The weaving of the Paris Outcome

dovecot-studios-weavingThe unfolding Paris Outcome is a web of complexities, in both the package and the process. In the package itself, there are cross cutting issues; there are a myriad of details; and there are interlocking linkages among Articles and Decision sections that make multiple circles back to each other. It can be a dizzying endeavor to really grasp it all. And there are plenty of threads under a lot of tension.

The process, too, is multi-layered and multi-faceted. We’ve done the in-depth reporting here and here on its various parts, and how it all spins together, and shared a description of this week’s ministerial level action.

After last night’s Party and negotiating group comments on the December 9 draft text, the ministerial-led informal consultations were shifted into open-ended indaba-type consultations (a South-African consensus building approach), on the three key political issues: Differentiation, Support and Ambition. Alongside those consultations were open-ended informal ones on Loss and Damage, Cooperative approaches and mechanisms, Forests, and the Preamble. At this point, we are waiting for a December 10 draft that compiles the work of those early morning negotiations.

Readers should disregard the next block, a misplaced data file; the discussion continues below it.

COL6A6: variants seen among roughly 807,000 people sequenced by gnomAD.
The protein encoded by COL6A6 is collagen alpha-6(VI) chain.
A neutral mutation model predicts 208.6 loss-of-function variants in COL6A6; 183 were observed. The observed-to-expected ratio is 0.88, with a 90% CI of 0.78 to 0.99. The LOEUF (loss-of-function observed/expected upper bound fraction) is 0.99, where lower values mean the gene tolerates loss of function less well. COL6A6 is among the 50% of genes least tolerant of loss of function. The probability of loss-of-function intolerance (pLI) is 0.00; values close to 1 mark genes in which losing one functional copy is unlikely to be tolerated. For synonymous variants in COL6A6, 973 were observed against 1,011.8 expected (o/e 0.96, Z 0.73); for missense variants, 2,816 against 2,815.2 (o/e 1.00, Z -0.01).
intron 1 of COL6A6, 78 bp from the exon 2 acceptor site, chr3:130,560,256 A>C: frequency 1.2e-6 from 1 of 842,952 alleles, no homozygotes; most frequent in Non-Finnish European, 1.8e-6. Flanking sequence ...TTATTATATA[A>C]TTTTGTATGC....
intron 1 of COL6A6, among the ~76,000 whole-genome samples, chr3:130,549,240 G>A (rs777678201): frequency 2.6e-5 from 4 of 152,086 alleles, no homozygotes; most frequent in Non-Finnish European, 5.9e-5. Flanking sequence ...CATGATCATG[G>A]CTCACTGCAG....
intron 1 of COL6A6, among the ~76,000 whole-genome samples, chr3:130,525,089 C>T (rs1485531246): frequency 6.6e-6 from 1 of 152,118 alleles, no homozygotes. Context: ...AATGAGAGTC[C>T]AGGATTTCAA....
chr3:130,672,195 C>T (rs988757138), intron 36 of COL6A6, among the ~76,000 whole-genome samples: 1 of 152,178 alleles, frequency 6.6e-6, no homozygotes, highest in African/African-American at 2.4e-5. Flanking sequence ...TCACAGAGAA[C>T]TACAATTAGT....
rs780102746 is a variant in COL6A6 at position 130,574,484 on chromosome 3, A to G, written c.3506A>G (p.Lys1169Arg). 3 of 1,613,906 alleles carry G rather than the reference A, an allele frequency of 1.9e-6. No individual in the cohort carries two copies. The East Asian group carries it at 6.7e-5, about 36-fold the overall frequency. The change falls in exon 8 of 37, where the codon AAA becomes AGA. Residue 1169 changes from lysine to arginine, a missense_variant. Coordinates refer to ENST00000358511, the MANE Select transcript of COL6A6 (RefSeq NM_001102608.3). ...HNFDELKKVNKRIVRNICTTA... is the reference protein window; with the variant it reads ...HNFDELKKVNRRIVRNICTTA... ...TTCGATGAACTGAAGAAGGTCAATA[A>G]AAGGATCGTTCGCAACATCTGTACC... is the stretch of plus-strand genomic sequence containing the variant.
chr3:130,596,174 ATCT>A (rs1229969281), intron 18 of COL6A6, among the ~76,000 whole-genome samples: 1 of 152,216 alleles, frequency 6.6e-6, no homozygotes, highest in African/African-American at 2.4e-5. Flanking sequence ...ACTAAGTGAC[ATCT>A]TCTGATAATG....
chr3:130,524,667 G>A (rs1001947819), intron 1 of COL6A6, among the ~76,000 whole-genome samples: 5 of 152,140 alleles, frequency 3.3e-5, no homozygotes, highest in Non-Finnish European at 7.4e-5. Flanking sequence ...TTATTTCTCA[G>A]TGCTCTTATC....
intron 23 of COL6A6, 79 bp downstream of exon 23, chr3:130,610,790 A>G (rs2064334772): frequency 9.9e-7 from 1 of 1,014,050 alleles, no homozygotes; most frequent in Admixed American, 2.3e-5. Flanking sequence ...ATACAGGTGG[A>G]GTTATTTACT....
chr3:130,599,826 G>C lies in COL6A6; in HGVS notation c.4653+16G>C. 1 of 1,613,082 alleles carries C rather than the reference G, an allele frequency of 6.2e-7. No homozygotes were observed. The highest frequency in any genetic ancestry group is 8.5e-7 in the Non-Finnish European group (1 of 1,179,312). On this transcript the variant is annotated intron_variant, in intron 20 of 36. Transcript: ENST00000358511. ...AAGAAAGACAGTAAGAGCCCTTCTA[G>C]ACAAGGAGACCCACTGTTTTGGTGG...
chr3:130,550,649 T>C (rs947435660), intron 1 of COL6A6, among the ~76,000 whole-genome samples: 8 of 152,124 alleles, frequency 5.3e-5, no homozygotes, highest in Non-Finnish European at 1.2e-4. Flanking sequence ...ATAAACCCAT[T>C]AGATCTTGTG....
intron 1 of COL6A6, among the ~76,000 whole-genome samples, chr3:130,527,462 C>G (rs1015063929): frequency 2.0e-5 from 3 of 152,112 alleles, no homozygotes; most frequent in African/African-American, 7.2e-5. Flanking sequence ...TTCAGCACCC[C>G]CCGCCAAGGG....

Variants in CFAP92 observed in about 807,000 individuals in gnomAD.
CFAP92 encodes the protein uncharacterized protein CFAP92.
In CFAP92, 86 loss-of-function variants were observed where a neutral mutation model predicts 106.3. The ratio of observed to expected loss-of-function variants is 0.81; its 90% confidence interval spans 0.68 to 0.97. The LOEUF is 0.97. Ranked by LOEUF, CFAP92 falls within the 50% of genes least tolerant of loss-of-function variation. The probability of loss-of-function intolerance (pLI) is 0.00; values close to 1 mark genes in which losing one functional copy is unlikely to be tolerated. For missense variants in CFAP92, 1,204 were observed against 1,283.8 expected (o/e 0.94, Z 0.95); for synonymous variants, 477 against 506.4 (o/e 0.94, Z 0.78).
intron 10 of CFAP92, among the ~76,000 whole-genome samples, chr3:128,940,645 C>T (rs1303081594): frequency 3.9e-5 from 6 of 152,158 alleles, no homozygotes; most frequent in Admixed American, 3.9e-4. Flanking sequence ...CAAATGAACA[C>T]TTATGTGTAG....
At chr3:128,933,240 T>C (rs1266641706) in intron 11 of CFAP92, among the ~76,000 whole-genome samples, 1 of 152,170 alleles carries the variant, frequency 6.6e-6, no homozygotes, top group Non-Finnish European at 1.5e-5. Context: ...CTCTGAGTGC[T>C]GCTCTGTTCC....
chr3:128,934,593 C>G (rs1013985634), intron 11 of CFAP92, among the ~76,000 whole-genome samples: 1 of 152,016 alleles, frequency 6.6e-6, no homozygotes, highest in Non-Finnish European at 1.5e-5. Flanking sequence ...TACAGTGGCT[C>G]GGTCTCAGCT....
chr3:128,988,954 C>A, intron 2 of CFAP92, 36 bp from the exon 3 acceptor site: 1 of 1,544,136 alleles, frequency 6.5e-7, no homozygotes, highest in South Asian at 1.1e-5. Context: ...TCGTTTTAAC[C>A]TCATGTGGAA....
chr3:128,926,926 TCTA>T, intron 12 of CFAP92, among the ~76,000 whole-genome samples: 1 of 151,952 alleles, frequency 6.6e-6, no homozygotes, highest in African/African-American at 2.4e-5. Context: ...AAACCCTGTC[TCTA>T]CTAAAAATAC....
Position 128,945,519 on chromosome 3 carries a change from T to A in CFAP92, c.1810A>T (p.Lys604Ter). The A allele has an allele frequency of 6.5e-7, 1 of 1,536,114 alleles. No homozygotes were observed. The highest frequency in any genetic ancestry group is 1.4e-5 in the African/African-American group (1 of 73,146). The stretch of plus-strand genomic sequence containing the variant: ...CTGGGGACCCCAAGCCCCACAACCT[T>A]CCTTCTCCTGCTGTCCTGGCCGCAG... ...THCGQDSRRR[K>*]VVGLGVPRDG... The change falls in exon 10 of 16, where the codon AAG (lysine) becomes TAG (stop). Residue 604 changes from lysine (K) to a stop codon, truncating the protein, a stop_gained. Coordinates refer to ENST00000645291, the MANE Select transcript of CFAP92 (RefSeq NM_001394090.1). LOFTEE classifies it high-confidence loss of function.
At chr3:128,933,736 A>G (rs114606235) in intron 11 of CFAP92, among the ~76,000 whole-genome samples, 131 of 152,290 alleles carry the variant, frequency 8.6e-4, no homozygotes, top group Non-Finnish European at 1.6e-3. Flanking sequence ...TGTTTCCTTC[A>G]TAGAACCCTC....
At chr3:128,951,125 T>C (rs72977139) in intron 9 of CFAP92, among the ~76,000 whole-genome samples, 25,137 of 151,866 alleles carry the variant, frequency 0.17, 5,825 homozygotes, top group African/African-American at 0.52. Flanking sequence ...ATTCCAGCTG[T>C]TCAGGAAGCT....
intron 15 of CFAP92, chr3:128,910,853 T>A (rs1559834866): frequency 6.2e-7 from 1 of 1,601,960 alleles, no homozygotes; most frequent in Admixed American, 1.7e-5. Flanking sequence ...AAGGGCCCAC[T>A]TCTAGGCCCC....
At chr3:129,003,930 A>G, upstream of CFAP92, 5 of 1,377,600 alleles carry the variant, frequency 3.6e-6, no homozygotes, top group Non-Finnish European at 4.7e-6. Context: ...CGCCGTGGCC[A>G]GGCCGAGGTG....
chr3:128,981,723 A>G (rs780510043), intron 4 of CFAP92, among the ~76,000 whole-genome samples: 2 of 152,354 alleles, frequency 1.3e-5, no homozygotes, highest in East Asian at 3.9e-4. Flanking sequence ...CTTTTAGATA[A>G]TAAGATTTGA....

For those nervous about getting lost in the web of it all, a short, simple construction of where we are now comes to us today compliments of seasoned South African delegate, Alf Wills:

Reaching a Paris Outcome requires that 3 interrelated levels be addressed:

1) Those High level political issues = Differentiation (how to fairly account for differing levels of development, capacity, and financial resources between Parties for determining responsibilities), Support (how much, from whom, to whom, for what purpose), and Ambition (how much in emissions reduction, toward what goal, and when)

2) Medium level issues = including cycles (for reporting/reviewing/increasing ambition and support), non-market mechanisms, and adaptation

3) Technical issues related to the rules.

According to Mr. Wills, the ministers must solve the top level issues before they can unlock the medium level issues, which will then inform the technical issues. Other negotiators seemed to agree.

Certainly, Mr. Wills construction is a bit simplistic. Among other things, it doesn’t locate loss and damage. Still, it offers a short-hand way to think about the unfolding process, so it doesn’t unravel in your brain.